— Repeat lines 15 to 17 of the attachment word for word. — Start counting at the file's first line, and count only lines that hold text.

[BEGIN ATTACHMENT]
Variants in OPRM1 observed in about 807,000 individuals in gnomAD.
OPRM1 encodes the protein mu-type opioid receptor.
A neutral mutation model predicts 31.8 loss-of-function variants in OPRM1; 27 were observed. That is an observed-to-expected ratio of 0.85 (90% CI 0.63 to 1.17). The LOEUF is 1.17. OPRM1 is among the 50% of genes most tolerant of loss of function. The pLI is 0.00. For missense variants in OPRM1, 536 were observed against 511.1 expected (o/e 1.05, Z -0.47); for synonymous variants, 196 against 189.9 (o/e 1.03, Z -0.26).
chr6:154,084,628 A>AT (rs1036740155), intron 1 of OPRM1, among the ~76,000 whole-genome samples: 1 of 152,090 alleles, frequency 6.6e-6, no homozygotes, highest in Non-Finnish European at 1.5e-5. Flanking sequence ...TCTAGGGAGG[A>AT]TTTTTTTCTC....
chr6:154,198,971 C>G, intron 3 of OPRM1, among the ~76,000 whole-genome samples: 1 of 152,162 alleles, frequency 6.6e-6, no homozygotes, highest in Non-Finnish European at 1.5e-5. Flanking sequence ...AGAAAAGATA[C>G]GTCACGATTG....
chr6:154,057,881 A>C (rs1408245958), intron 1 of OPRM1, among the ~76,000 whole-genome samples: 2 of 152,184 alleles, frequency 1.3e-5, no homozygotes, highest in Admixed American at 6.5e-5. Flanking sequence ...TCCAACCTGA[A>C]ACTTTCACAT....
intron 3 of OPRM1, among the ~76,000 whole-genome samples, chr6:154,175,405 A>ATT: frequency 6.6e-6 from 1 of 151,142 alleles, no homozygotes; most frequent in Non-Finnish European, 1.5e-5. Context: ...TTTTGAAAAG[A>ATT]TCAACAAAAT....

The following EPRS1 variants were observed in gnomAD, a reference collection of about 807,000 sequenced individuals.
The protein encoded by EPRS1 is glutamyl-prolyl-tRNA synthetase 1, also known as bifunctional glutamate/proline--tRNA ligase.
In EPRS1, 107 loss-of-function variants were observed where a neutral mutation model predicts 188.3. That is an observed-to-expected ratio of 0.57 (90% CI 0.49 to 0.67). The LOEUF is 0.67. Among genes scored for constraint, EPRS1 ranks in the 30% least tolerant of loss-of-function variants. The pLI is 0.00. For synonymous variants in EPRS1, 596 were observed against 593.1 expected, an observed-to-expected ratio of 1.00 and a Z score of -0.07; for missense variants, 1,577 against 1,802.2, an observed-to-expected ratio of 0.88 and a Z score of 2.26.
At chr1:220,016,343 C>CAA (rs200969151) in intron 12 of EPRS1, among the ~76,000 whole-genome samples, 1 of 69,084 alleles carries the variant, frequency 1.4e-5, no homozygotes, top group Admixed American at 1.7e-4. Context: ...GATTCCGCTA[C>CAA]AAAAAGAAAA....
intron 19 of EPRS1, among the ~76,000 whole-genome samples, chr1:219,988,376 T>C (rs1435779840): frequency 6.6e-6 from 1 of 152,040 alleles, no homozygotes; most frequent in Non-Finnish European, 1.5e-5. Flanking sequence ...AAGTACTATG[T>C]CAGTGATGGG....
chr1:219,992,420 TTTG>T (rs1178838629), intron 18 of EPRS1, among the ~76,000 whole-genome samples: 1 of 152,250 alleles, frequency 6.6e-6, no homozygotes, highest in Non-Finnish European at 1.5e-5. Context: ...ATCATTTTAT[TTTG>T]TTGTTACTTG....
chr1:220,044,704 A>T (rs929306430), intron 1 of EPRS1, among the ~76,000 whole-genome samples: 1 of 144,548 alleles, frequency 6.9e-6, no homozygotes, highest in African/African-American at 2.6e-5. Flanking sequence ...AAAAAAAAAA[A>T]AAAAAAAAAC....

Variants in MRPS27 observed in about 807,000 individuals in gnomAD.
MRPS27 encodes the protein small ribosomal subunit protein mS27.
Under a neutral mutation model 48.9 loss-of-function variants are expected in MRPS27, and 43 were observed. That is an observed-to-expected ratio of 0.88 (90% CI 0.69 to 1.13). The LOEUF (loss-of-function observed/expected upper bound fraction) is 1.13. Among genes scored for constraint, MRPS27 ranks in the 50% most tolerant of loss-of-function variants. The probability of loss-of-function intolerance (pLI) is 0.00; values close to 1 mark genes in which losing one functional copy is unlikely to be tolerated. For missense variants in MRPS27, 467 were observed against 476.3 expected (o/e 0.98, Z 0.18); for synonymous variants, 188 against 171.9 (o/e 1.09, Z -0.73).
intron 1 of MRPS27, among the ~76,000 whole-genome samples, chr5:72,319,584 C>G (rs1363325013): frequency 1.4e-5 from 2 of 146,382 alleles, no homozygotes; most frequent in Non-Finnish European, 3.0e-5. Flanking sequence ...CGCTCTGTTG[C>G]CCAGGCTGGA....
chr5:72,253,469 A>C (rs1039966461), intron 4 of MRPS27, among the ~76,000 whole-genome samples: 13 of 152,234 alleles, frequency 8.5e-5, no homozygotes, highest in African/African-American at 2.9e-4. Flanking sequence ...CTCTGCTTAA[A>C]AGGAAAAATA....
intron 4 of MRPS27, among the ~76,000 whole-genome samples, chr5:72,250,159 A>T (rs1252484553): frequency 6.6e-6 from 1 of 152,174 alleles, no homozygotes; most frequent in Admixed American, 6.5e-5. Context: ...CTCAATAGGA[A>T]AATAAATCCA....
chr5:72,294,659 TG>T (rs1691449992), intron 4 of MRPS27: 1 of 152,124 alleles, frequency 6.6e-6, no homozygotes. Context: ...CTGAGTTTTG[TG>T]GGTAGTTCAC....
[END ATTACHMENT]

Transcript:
Variants in MRPS27 observed in about 807,000 individuals in gnomAD.
MRPS27 encodes the protein small ribosomal subunit protein mS27.
Under a neutral mutation model 48.9 loss-of-function variants are expected in MRPS27, and 43 were observed. That is an observed-to-expected ratio of 0.88 (90% CI 0.69 to 1.13). The LOEUF (loss-of-function observed/expected upper bound fraction) is 1.13. Among genes scored for constraint, MRPS27 ranks in the 50% most tolerant of loss-of-function variants. The probability of loss-of-function intolerance (pLI) is 0.00; values close to 1 mark genes in which losing one functional copy is unlikely to be tolerated. For missense variants in MRPS27, 467 were observed against 476.3 expected (o/e 0.98, Z 0.18); for synonymous variants, 188 against 171.9 (o/e 1.09, Z -0.73).